A Story That I Enjoy Telling

I’m presently watching a documentary about the development of the Chariot in Egypt. The question that keeps coming to mind is the size of the space shuttles solid rocket boosters. Now how can they be related? This story is from a British show called Connections that ran in the 80’s hosted by James Burke.

Roman roads covered most of Europe. They were built to transport soldiers, pack wagons and Chariots quickly from one place to another. The chariots were based on the Egyptian chariot and to make things simple they used similar axel and wheel sizes on all the wagons. There were quite a few roman roads and as time went on and Roman influence waned, others began to use them. The ruts worn into the roads were the distance between chariot wheels. This distance wasn’t arbitrary; it was the distance needed for two men to stand in the Chariot and was likely very close to the distance used by the Egyptians. The Egyptians may not have originally developed the Chariot but they used it extensively, and apparently improved it.

Getting back to Europe. It was easier to build wagons with wheels the same distance apart as the ruts that had been worn in the Roman roads; the same distance apart as the Chariot wheels. These ruts were persistent because many of the Roman roads were covered with fitted stones. If the axels were a different length the wheels didn’t last long so this axel length became the de facto standard. So when the decision was being made about railway gauge size why not use the de facto axel standard. Other gauges have been used for various reasons.

Fast forward to North America in the 1800’s. Trains were the best method of transportation across long distances. They were being used extensively in Europe. The emerging country at the time decided to build a rail system so they imported the workforce from Europe. They were used to building coaches that fit on the European system and they were designed to fit on the European rail gauge and that was based on the axel length that they had always used. You guessed it; the same size as a Chariot axel.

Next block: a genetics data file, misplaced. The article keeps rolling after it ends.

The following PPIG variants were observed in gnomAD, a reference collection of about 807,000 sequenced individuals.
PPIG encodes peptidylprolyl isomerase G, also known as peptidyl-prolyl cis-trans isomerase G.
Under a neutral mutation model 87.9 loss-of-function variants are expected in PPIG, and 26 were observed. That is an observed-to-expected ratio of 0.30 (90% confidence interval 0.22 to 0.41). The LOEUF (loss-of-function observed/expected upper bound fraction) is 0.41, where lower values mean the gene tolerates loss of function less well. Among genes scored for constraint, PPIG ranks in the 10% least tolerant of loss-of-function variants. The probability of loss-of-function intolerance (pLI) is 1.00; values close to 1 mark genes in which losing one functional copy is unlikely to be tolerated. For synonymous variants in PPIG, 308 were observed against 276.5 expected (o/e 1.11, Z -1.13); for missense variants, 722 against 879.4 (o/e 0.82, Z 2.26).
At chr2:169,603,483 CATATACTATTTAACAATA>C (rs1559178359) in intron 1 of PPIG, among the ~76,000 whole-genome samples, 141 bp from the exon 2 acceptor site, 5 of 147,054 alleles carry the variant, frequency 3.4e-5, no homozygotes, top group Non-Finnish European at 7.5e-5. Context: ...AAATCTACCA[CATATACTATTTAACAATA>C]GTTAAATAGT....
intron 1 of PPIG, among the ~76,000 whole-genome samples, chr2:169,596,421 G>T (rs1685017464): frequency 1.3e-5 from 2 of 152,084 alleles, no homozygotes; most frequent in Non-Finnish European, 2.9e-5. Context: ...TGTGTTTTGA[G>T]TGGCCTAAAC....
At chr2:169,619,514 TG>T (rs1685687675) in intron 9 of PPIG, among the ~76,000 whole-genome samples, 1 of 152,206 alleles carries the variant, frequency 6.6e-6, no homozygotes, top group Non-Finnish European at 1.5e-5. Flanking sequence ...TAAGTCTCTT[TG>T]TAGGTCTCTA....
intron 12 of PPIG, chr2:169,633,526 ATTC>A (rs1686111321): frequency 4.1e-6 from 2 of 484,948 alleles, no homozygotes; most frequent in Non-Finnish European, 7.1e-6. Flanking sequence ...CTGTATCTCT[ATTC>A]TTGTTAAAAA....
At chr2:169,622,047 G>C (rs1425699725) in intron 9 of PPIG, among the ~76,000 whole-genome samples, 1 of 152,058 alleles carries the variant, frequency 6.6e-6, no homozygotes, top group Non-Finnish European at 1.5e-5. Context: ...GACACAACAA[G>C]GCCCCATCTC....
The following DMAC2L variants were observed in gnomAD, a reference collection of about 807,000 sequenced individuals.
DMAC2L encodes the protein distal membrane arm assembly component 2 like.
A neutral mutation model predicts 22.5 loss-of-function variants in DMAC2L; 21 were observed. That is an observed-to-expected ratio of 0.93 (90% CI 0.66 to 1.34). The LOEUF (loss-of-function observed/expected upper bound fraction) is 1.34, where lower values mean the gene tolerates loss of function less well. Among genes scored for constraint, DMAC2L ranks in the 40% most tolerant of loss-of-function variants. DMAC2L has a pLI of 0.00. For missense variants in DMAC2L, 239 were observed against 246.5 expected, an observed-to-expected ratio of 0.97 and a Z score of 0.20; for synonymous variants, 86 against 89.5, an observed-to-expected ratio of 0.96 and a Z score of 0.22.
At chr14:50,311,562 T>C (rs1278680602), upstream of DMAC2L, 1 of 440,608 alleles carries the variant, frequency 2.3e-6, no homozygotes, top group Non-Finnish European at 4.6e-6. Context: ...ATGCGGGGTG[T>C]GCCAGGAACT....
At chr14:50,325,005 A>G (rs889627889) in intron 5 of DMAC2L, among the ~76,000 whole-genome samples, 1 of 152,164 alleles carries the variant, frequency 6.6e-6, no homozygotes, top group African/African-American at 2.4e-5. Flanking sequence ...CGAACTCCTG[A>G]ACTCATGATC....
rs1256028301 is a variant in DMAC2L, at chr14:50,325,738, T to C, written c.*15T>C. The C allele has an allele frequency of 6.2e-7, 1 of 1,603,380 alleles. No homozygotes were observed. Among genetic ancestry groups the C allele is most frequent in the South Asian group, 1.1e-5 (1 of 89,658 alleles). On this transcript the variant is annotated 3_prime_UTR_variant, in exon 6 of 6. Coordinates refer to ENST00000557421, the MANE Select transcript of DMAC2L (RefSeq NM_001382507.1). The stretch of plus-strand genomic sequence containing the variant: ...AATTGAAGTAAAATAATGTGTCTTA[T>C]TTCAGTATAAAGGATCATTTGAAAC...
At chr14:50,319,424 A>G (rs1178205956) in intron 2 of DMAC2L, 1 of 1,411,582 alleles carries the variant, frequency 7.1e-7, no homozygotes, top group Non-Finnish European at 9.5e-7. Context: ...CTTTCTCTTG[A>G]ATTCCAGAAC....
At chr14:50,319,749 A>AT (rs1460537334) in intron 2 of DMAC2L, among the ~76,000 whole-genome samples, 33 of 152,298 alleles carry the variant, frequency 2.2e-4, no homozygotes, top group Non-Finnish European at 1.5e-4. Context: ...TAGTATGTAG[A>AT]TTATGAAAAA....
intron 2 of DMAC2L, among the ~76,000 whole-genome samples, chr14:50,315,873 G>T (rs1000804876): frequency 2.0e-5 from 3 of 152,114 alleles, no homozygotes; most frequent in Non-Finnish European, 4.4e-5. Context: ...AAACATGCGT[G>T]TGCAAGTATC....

Now fast forward to the 1960’s and the design of the space shuttle. The Shuttle itself and the main tank are huge but the rocket boosters on the side are much smaller. I remember them being unsure as to how many they might need but they were solid rocket boosters and were going to be manufactured elsewhere and transported to the launch site. I remember this transport as being problematic but it came down to rail and the booster had to fit through tunnels and such. Those ‘tunnels and such’ were all made to a size based on what trains would fit through.

So the size of the Shuttle’s booster rockets were indirectly based on what would fit through the tunnels, which were based on the size of the trains, which were based on the track gauge, which was based on European axel standards, based on Roman roads, based on Chariot axels, based on Chariots designed about 3 to 5 thousand years ago. The Romans got the chariot idea from Egypt.

I’ve read various opinions about this both for and against, but it is just so compelling, reasonable and such a great story that I love telling it.

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